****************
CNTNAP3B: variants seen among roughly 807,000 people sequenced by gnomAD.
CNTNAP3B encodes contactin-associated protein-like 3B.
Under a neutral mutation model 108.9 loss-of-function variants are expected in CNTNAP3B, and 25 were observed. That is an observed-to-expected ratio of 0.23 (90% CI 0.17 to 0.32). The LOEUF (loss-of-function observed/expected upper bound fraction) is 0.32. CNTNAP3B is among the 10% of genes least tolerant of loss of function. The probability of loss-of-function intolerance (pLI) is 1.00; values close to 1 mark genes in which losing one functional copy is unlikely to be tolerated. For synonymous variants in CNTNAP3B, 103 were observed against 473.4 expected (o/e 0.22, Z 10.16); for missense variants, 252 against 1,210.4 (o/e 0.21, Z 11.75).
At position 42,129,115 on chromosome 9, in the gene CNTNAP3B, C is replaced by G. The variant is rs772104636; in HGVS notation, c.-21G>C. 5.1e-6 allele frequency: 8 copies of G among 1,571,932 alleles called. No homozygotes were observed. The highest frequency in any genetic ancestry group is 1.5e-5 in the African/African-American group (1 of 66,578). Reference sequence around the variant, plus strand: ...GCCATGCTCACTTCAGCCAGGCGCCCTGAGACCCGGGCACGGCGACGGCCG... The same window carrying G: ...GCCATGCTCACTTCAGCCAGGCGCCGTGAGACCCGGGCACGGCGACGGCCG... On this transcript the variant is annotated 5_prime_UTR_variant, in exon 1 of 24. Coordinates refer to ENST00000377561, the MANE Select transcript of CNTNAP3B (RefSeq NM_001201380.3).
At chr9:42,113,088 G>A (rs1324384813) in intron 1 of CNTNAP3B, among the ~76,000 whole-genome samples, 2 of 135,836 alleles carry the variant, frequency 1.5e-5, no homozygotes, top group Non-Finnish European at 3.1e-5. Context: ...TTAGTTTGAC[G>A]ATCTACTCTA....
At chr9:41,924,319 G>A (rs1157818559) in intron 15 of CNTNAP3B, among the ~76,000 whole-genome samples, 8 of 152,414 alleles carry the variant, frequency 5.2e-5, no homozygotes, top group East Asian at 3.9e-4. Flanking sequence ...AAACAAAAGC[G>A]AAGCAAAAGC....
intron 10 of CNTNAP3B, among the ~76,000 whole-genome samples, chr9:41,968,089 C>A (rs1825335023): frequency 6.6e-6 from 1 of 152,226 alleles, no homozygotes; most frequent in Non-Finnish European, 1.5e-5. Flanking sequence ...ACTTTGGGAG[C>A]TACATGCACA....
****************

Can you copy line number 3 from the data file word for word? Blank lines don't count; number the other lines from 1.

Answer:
Under a neutral mutation model 108.9 loss-of-function variants are expected in CNTNAP3B, and 25 were observed. That is an observed-to-expected ratio of 0.23 (90% CI 0.17 to 0.32). The LOEUF (loss-of-function observed/expected upper bound fraction) is 0.32. CNTNAP3B is among the 10% of genes least tolerant of loss of function. The probability of loss-of-function intolerance (pLI) is 1.00; values close to 1 mark genes in which losing one functional copy is unlikely to be tolerated. For synonymous variants in CNTNAP3B, 103 were observed against 473.4 expected (o/e 0.22, Z 10.16); for missense variants, 252 against 1,210.4 (o/e 0.21, Z 11.75).